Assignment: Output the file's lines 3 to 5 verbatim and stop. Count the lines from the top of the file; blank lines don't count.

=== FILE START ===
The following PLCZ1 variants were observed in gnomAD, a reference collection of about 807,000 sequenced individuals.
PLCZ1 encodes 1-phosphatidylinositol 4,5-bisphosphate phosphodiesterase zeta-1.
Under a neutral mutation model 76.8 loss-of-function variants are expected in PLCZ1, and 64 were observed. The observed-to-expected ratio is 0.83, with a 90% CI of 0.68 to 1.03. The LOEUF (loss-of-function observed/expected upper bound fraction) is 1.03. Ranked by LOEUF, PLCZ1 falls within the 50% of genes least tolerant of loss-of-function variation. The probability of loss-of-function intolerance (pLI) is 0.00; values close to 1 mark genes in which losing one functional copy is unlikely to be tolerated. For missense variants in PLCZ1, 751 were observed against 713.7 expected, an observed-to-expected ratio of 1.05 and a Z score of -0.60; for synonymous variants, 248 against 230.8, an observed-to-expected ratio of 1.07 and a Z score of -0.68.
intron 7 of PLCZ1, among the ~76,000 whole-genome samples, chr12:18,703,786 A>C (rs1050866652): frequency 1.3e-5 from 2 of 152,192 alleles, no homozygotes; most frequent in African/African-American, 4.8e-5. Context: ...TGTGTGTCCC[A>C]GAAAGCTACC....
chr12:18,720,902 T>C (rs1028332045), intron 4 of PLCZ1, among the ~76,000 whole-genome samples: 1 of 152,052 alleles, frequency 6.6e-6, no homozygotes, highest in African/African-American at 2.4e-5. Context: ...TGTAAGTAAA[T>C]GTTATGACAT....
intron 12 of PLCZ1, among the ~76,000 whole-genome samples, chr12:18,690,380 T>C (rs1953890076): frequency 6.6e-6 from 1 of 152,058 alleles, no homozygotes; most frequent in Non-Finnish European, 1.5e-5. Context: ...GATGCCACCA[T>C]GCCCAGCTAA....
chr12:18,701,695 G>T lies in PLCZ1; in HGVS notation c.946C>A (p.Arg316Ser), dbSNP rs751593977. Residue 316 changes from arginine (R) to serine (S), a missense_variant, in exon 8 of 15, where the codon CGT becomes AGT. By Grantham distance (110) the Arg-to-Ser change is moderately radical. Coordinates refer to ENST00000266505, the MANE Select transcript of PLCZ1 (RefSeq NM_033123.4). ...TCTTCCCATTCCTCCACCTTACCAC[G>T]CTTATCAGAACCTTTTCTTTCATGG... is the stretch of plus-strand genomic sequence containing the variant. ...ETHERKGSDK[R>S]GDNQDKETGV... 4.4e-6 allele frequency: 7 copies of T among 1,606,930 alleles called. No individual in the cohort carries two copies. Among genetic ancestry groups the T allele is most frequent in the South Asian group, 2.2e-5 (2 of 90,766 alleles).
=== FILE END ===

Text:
Under a neutral mutation model 76.8 loss-of-function variants are expected in PLCZ1, and 64 were observed. The observed-to-expected ratio is 0.83, with a 90% CI of 0.68 to 1.03. The LOEUF (loss-of-function observed/expected upper bound fraction) is 1.03. Ranked by LOEUF, PLCZ1 falls within the 50% of genes least tolerant of loss-of-function variation. The probability of loss-of-function intolerance (pLI) is 0.00; values close to 1 mark genes in which losing one functional copy is unlikely to be tolerated. For missense variants in PLCZ1, 751 were observed against 713.7 expected, an observed-to-expected ratio of 1.05 and a Z score of -0.60; for synonymous variants, 248 against 230.8, an observed-to-expected ratio of 1.07 and a Z score of -0.68.
intron 7 of PLCZ1, among the ~76,000 whole-genome samples, chr12:18,703,786 A>C (rs1050866652): frequency 1.3e-5 from 2 of 152,192 alleles, no homozygotes; most frequent in African/African-American, 4.8e-5. Context: ...TGTGTGTCCC[A>C]GAAAGCTACC....
chr12:18,720,902 T>C (rs1028332045), intron 4 of PLCZ1, among the ~76,000 whole-genome samples: 1 of 152,052 alleles, frequency 6.6e-6, no homozygotes, highest in African/African-American at 2.4e-5. Context: ...TGTAAGTAAA[T>C]GTTATGACAT....